Elon Musk has filed one other spherical of arguments in his month-long battle with the Securities and Exchange Commission, which stems from a February 19 tweet about Tesla’s manufacturing objectives.
As a part of a September settlement, Musk promised to get sign-off from Tesla legal professionals for any tweets that “contain, or reasonably could contain” materials data—authorized jargon for data important to individuals buying and selling Tesla’s inventory. The SEC argues that Musk’s February tweet, stating that Tesla would produce “around 500k” automobiles in 2019, violated that requirement.
Musk disagrees. He argues that he was merely repeating Tesla’s earlier manufacturing estimates. And he insists he was entitled to make use of his personal judgment to find out the data was not materials—and subsequently did not require pre-approval by Tesla’s legal professionals.
Tesla is “best positioned to interpret its own policy”
Musk reiterated these claims in his newest submitting. The settlement required Musk to observe a set of Tesla-developed pointers, and Musk notes that Tesla’s legal professionals have said that he hasn’t damaged these pointers.
“Tesla—which is best positioned to interpret its own policy—has affirmed to the SEC that Musk complied with the policy,” Musk’s legal professionals wrote within the Friday submitting. “This is meaningful evidence that Musk has satisfied his obligations. The court can discharge its order to show cause on these grounds alone.”
It’s price noting right here that Tesla’s normal counsel, Dane Butswinkas, abruptly stop on February 20, 2019—sooner or later after Musk’s February 19 tweet and the identical day the SEC despatched Tesla a letter looking for extra details about the tweet. Butswinkas had solely been on the job for about two months. Under Tesla’s coverage, Butswinkas was one of many legal professionals who was imagined to assessment materials tweets from Musk earlier than they have been posted, however Musk by no means submitted any tweets for his approval.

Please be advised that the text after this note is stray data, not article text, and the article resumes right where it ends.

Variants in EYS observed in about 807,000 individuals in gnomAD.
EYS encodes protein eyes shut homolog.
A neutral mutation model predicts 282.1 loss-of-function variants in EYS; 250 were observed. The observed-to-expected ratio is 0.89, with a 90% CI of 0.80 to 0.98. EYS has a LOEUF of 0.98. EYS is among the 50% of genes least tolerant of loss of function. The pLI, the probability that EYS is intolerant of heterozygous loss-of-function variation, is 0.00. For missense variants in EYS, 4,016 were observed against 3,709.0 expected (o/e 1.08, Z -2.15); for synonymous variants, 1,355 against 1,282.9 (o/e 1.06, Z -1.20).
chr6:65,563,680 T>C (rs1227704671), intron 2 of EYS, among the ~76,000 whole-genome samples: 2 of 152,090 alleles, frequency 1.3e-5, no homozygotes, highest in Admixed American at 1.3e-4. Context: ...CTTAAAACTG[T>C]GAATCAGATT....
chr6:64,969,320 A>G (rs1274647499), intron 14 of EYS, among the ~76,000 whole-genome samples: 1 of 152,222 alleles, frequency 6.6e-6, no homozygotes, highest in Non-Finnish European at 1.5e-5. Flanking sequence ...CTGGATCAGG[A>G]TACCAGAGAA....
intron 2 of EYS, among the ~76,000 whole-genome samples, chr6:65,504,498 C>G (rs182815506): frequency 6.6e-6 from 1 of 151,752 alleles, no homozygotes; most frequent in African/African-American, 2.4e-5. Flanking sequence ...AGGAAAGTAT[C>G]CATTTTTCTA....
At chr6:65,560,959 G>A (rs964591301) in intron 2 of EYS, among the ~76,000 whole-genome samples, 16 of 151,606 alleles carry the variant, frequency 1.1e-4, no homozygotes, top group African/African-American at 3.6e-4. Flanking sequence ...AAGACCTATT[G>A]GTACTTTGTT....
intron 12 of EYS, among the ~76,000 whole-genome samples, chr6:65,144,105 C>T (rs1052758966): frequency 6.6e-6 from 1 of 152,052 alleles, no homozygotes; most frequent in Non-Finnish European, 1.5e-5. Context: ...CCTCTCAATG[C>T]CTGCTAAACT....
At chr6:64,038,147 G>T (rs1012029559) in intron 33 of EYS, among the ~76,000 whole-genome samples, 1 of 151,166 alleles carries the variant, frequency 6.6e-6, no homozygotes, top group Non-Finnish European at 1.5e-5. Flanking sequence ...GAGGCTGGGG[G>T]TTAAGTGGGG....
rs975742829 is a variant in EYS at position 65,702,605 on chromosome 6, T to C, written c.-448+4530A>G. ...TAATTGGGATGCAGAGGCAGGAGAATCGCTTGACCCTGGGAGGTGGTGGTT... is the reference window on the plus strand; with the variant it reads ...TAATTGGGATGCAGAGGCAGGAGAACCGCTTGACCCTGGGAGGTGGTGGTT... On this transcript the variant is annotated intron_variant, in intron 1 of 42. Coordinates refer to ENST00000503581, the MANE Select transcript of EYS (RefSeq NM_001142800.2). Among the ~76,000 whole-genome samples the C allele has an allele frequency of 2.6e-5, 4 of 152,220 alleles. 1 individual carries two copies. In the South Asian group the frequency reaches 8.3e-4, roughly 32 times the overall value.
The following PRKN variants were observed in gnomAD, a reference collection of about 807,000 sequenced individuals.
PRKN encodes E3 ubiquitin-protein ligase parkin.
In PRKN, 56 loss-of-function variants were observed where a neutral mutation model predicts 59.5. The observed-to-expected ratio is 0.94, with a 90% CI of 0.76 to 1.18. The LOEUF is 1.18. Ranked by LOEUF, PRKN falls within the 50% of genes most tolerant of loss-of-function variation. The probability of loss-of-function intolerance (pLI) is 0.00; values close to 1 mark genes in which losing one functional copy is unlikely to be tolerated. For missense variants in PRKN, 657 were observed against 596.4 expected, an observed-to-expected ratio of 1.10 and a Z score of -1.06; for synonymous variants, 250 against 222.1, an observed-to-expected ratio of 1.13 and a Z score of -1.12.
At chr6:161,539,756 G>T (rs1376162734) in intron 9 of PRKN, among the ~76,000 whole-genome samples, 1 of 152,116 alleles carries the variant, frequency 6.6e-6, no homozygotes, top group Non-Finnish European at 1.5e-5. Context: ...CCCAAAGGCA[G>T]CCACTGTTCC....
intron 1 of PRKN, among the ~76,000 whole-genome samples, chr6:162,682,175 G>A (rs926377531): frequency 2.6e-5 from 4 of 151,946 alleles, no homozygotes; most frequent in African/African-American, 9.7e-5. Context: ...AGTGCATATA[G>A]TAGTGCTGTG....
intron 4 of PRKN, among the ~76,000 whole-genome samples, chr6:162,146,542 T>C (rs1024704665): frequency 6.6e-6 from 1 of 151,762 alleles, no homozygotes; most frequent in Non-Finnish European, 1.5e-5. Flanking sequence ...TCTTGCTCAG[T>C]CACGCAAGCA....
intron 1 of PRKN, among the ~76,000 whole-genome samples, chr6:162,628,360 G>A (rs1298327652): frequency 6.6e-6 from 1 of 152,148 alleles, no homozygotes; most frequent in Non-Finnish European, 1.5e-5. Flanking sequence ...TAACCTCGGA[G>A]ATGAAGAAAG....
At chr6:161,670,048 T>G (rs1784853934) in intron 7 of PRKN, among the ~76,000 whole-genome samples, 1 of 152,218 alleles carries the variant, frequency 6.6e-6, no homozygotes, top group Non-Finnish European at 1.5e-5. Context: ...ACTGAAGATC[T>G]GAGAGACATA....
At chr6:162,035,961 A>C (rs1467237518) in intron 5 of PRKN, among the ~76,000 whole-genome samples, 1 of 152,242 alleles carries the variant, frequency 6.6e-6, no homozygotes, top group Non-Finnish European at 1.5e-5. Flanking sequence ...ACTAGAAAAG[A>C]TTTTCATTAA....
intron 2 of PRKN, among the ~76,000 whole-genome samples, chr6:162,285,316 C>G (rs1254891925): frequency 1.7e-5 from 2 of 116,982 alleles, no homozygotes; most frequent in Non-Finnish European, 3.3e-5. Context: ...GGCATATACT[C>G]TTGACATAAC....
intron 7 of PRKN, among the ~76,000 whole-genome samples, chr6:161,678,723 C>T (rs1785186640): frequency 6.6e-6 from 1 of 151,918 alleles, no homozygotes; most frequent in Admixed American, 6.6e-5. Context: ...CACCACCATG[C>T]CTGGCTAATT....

On March 11, an exterior Tesla lawyer from the legislation agency of WilmerHale despatched the SEC a letter stating that—in Tesla’s view—Musk’s tweets weren’t materials and subsequently Musk has complied with Tesla’s tweet approval coverage.
“Musk has not tweeted material information”
In its most up-to-date submitting, the SEC faulted Musk for failing to get any of his tweets pre-approved since that coverage took impact in December. These included tweets about “vehicle tax credits and pricing,” “plans for expansion of charging stations internationally,” “construction and production plans for a new Shanghai factory,” and “whether Tesla plans to phase out its Model S and Model X vehicles in the future.” The SEC views all of those subjects as materials to Tesla shareholders.
Again, Musk disagrees.
“The SEC shows, through its selection of ten tweets, that no matter how innocuous, how well known, or how removed from the subjects mentioned in the Policy, because the tweet concerns Tesla, the SEC believes Musk must have them pre-approved,” Musk writes. “These tweets, which include statements denying untrue rumors and repeating well-known safety information, prove Musk’s point. Since the Order was entered, Musk has not tweeted material information regarding Tesla.”
Musk argues that the SEC’s broader interpretation is “inconsistent with the plain language” of Musk’s settlement settlement with the SEC. He consists of red-line drafts Musk’s legal professionals despatched to the SEC throughout negotiations over the settlement. According to Musk, the SEC initially sought to have all Tesla-related tweets pre-approved, however Musk insisted that solely tweets that have been materials—or more likely to be so—needs to be topic to pre-approval. In Musk’s view, the SEC is making an attempt to re-write the settlement and drive Musk to get all Tesla-related tweets pre-approved.